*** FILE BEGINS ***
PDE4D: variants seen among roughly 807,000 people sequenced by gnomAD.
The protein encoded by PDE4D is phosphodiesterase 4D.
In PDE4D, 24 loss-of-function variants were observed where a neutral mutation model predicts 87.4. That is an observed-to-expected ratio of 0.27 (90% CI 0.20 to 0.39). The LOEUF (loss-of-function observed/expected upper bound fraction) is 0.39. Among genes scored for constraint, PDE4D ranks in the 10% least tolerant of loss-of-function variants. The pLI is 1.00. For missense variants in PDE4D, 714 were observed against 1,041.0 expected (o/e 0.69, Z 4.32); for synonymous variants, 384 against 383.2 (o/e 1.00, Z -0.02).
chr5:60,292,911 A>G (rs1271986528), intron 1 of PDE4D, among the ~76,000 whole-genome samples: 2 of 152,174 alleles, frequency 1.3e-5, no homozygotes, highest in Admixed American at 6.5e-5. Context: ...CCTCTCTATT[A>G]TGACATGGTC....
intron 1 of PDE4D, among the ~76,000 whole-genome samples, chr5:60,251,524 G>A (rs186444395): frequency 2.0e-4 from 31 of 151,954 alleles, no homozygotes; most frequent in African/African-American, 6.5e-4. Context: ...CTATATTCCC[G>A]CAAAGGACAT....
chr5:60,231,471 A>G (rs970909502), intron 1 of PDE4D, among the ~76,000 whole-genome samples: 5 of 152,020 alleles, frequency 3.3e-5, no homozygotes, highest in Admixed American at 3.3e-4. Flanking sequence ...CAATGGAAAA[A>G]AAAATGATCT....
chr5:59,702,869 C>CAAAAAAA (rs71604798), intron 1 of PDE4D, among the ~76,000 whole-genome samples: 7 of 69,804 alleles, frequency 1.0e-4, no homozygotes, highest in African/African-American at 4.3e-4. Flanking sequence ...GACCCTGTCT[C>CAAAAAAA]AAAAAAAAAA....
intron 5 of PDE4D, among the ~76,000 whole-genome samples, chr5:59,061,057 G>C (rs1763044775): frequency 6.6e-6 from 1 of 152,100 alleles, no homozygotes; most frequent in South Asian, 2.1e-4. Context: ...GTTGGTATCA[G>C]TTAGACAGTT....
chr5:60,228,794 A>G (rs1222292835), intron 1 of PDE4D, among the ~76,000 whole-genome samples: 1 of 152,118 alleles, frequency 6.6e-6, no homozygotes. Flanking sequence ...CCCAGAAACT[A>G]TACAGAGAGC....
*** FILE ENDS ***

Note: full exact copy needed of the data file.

PDE4D: variants seen among roughly 807,000 people sequenced by gnomAD.
The protein encoded by PDE4D is phosphodiesterase 4D.
In PDE4D, 24 loss-of-function variants were observed where a neutral mutation model predicts 87.4. That is an observed-to-expected ratio of 0.27 (90% CI 0.20 to 0.39). The LOEUF (loss-of-function observed/expected upper bound fraction) is 0.39. Among genes scored for constraint, PDE4D ranks in the 10% least tolerant of loss-of-function variants. The pLI is 1.00. For missense variants in PDE4D, 714 were observed against 1,041.0 expected (o/e 0.69, Z 4.32); for synonymous variants, 384 against 383.2 (o/e 1.00, Z -0.02).
chr5:60,292,911 A>G (rs1271986528), intron 1 of PDE4D, among the ~76,000 whole-genome samples: 2 of 152,174 alleles, frequency 1.3e-5, no homozygotes, highest in Admixed American at 6.5e-5. Context: ...CCTCTCTATT[A>G]TGACATGGTC....
intron 1 of PDE4D, among the ~76,000 whole-genome samples, chr5:60,251,524 G>A (rs186444395): frequency 2.0e-4 from 31 of 151,954 alleles, no homozygotes; most frequent in African/African-American, 6.5e-4. Context: ...CTATATTCCC[G>A]CAAAGGACAT....
chr5:60,231,471 A>G (rs970909502), intron 1 of PDE4D, among the ~76,000 whole-genome samples: 5 of 152,020 alleles, frequency 3.3e-5, no homozygotes, highest in Admixed American at 3.3e-4. Flanking sequence ...CAATGGAAAA[A>G]AAAATGATCT....
chr5:59,702,869 C>CAAAAAAA (rs71604798), intron 1 of PDE4D, among the ~76,000 whole-genome samples: 7 of 69,804 alleles, frequency 1.0e-4, no homozygotes, highest in African/African-American at 4.3e-4. Flanking sequence ...GACCCTGTCT[C>CAAAAAAA]AAAAAAAAAA....
intron 5 of PDE4D, among the ~76,000 whole-genome samples, chr5:59,061,057 G>C (rs1763044775): frequency 6.6e-6 from 1 of 152,100 alleles, no homozygotes; most frequent in South Asian, 2.1e-4. Context: ...GTTGGTATCA[G>C]TTAGACAGTT....
chr5:60,228,794 A>G (rs1222292835), intron 1 of PDE4D, among the ~76,000 whole-genome samples: 1 of 152,118 alleles, frequency 6.6e-6, no homozygotes. Flanking sequence ...CCCAGAAACT[A>G]TACAGAGAGC....